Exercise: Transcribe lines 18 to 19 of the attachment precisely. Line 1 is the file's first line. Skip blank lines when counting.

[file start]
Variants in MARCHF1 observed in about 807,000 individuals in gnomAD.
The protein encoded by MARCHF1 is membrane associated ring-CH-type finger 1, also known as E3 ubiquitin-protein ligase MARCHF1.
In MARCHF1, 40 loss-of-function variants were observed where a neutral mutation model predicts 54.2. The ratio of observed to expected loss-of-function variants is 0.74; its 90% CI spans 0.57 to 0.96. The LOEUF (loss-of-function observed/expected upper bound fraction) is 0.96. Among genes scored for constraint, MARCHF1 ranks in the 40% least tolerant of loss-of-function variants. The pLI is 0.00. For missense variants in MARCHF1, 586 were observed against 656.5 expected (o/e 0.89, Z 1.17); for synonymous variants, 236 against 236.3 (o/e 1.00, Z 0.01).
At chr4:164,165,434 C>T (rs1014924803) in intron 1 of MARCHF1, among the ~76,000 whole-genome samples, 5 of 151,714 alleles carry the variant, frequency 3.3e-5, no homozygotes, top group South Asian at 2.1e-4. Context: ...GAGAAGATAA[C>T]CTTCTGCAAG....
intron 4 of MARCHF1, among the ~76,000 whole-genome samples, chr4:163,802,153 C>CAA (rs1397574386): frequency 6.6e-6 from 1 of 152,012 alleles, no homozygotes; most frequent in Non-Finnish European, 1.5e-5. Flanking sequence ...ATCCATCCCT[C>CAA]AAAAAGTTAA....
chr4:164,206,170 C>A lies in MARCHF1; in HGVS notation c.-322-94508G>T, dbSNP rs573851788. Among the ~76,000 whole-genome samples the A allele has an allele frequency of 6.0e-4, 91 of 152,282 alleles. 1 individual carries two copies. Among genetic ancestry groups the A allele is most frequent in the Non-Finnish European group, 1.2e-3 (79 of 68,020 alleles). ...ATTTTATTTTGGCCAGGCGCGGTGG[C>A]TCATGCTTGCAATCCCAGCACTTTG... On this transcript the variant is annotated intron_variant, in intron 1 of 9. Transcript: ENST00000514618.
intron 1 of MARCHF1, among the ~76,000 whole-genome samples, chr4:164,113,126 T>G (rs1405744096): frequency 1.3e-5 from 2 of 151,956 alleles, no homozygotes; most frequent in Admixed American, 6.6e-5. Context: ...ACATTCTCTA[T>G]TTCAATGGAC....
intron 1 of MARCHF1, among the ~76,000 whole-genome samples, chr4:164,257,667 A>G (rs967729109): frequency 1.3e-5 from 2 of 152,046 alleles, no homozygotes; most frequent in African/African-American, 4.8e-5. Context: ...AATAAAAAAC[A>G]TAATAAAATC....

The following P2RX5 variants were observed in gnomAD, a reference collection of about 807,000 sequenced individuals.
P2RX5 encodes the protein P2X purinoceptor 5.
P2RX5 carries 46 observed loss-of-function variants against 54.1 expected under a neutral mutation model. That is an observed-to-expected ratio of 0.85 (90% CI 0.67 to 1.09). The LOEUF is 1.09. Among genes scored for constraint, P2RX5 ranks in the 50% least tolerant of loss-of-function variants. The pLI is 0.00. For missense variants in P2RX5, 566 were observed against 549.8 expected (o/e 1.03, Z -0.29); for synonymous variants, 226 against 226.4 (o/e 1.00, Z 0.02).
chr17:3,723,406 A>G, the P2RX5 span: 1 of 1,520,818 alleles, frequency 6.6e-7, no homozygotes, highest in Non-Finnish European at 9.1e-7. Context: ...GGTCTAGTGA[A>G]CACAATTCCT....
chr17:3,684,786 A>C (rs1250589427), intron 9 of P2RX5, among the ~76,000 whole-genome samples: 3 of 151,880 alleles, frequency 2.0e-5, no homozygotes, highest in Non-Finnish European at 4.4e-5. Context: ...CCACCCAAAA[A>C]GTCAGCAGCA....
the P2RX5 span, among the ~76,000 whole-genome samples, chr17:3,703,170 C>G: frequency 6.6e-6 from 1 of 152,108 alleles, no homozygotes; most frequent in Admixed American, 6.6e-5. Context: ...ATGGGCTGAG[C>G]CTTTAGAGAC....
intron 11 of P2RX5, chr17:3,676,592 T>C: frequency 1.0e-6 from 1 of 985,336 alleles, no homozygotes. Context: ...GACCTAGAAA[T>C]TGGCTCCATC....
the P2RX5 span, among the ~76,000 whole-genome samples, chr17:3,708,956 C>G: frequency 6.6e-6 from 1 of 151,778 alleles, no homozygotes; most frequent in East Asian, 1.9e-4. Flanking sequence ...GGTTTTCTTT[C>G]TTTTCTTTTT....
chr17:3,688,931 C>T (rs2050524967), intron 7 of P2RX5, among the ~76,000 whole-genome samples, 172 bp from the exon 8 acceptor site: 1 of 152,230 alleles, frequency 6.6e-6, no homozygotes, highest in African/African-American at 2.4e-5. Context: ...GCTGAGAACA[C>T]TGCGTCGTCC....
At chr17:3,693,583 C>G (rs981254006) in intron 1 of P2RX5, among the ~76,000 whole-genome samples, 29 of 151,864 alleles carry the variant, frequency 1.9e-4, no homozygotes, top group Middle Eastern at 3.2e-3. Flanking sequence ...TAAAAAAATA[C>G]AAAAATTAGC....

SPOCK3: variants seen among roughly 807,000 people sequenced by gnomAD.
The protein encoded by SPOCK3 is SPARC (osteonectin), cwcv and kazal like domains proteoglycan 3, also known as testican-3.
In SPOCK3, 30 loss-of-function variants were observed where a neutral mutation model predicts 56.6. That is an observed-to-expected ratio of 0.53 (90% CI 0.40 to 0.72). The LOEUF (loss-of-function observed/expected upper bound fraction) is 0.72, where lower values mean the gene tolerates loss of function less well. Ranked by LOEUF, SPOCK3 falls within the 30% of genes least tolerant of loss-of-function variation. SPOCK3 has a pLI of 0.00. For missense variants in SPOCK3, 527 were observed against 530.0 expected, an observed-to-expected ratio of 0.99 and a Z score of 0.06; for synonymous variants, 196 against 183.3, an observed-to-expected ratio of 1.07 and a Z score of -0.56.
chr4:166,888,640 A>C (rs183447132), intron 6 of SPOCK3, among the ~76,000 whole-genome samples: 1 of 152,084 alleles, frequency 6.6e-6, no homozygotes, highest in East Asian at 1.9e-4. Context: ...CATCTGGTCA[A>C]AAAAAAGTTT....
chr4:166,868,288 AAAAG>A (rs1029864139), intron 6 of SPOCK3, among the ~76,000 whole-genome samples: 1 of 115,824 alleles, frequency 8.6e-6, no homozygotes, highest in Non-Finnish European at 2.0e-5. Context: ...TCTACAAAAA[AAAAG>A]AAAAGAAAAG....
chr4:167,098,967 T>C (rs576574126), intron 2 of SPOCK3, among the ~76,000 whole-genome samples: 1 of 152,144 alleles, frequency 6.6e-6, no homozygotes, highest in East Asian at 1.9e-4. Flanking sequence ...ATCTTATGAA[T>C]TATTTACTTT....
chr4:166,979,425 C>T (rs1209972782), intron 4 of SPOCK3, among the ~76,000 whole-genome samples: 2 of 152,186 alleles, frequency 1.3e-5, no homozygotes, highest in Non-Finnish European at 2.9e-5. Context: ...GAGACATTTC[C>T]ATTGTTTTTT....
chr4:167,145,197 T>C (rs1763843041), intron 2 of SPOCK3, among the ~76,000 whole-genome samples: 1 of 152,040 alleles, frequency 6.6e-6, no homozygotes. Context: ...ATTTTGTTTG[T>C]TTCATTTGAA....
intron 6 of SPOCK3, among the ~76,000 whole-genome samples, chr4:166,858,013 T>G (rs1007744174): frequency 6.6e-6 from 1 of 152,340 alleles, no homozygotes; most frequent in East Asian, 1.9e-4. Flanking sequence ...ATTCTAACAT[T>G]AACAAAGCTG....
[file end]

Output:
At chr17:3,693,583 C>G (rs981254006) in intron 1 of P2RX5, among the ~76,000 whole-genome samples, 29 of 151,864 alleles carry the variant, frequency 1.9e-4, no homozygotes, top group Middle Eastern at 3.2e-3. Flanking sequence ...TAAAAAAATA[C>G]AAAAATTAGC....

SPOCK3: variants seen among roughly 807,000 people sequenced by gnomAD.